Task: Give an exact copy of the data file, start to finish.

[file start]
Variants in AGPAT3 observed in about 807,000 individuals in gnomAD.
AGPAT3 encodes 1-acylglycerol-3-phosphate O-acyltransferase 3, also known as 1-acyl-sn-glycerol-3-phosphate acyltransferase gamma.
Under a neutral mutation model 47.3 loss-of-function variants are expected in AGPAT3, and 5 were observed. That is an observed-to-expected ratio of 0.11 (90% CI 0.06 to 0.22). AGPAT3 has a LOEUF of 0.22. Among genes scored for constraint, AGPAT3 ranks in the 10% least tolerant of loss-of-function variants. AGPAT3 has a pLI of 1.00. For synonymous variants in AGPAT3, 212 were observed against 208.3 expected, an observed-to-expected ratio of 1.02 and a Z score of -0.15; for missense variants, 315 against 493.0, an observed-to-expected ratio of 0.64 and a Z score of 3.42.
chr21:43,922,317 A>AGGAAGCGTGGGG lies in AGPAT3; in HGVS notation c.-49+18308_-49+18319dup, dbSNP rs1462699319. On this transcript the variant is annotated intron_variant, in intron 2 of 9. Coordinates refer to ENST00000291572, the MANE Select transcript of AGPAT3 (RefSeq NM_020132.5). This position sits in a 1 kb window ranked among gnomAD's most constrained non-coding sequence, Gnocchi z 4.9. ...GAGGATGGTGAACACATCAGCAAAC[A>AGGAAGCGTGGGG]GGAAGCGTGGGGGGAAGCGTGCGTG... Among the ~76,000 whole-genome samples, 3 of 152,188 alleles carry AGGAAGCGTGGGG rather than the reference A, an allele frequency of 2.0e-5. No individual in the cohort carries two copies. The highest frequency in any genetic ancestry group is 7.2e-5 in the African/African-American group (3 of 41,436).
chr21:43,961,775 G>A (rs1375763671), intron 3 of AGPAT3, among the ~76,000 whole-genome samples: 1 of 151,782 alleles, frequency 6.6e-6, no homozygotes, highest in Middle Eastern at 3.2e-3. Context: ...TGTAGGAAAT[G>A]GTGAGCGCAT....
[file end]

Variants in AGPAT3 observed in about 807,000 individuals in gnomAD.
AGPAT3 encodes 1-acylglycerol-3-phosphate O-acyltransferase 3, also known as 1-acyl-sn-glycerol-3-phosphate acyltransferase gamma.
Under a neutral mutation model 47.3 loss-of-function variants are expected in AGPAT3, and 5 were observed. That is an observed-to-expected ratio of 0.11 (90% CI 0.06 to 0.22). AGPAT3 has a LOEUF of 0.22. Among genes scored for constraint, AGPAT3 ranks in the 10% least tolerant of loss-of-function variants. AGPAT3 has a pLI of 1.00. For synonymous variants in AGPAT3, 212 were observed against 208.3 expected, an observed-to-expected ratio of 1.02 and a Z score of -0.15; for missense variants, 315 against 493.0, an observed-to-expected ratio of 0.64 and a Z score of 3.42.
chr21:43,922,317 A>AGGAAGCGTGGGG lies in AGPAT3; in HGVS notation c.-49+18308_-49+18319dup, dbSNP rs1462699319. On this transcript the variant is annotated intron_variant, in intron 2 of 9. Coordinates refer to ENST00000291572, the MANE Select transcript of AGPAT3 (RefSeq NM_020132.5). This position sits in a 1 kb window ranked among gnomAD's most constrained non-coding sequence, Gnocchi z 4.9. ...GAGGATGGTGAACACATCAGCAAAC[A>AGGAAGCGTGGGG]GGAAGCGTGGGGGGAAGCGTGCGTG... Among the ~76,000 whole-genome samples, 3 of 152,188 alleles carry AGGAAGCGTGGGG rather than the reference A, an allele frequency of 2.0e-5. No individual in the cohort carries two copies. The highest frequency in any genetic ancestry group is 7.2e-5 in the African/African-American group (3 of 41,436).
chr21:43,961,775 G>A (rs1375763671), intron 3 of AGPAT3, among the ~76,000 whole-genome samples: 1 of 151,782 alleles, frequency 6.6e-6, no homozygotes, highest in Middle Eastern at 3.2e-3. Context: ...TGTAGGAAAT[G>A]GTGAGCGCAT....